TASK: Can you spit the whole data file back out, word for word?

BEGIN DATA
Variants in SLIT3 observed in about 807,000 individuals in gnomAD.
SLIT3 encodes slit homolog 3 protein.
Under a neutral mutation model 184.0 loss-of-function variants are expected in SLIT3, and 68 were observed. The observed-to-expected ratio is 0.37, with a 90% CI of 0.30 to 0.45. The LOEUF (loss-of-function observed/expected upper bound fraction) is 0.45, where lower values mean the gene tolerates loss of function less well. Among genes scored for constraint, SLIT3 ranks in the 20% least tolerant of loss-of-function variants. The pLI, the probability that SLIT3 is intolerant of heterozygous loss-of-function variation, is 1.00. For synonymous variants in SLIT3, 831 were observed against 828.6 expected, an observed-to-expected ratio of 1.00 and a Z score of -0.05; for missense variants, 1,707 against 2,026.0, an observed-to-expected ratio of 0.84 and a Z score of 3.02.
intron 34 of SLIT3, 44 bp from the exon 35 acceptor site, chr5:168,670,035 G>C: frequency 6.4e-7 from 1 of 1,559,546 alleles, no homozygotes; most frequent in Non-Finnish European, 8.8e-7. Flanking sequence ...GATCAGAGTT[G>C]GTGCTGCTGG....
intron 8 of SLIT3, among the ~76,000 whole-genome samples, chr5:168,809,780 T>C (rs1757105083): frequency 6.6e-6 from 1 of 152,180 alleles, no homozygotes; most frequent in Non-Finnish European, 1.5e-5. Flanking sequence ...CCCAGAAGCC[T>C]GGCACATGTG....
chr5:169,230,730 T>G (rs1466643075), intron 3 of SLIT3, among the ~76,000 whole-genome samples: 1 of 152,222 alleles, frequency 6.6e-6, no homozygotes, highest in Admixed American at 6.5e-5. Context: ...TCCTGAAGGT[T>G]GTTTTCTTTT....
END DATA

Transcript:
Variants in SLIT3 observed in about 807,000 individuals in gnomAD.
SLIT3 encodes slit homolog 3 protein.
Under a neutral mutation model 184.0 loss-of-function variants are expected in SLIT3, and 68 were observed. The observed-to-expected ratio is 0.37, with a 90% CI of 0.30 to 0.45. The LOEUF (loss-of-function observed/expected upper bound fraction) is 0.45, where lower values mean the gene tolerates loss of function less well. Among genes scored for constraint, SLIT3 ranks in the 20% least tolerant of loss-of-function variants. The pLI, the probability that SLIT3 is intolerant of heterozygous loss-of-function variation, is 1.00. For synonymous variants in SLIT3, 831 were observed against 828.6 expected, an observed-to-expected ratio of 1.00 and a Z score of -0.05; for missense variants, 1,707 against 2,026.0, an observed-to-expected ratio of 0.84 and a Z score of 3.02.
intron 34 of SLIT3, 44 bp from the exon 35 acceptor site, chr5:168,670,035 G>C: frequency 6.4e-7 from 1 of 1,559,546 alleles, no homozygotes; most frequent in Non-Finnish European, 8.8e-7. Flanking sequence ...GATCAGAGTT[G>C]GTGCTGCTGG....
intron 8 of SLIT3, among the ~76,000 whole-genome samples, chr5:168,809,780 T>C (rs1757105083): frequency 6.6e-6 from 1 of 152,180 alleles, no homozygotes; most frequent in Non-Finnish European, 1.5e-5. Flanking sequence ...CCCAGAAGCC[T>C]GGCACATGTG....
chr5:169,230,730 T>G (rs1466643075), intron 3 of SLIT3, among the ~76,000 whole-genome samples: 1 of 152,222 alleles, frequency 6.6e-6, no homozygotes, highest in Admixed American at 6.5e-5. Context: ...TCCTGAAGGT[T>G]GTTTTCTTTT....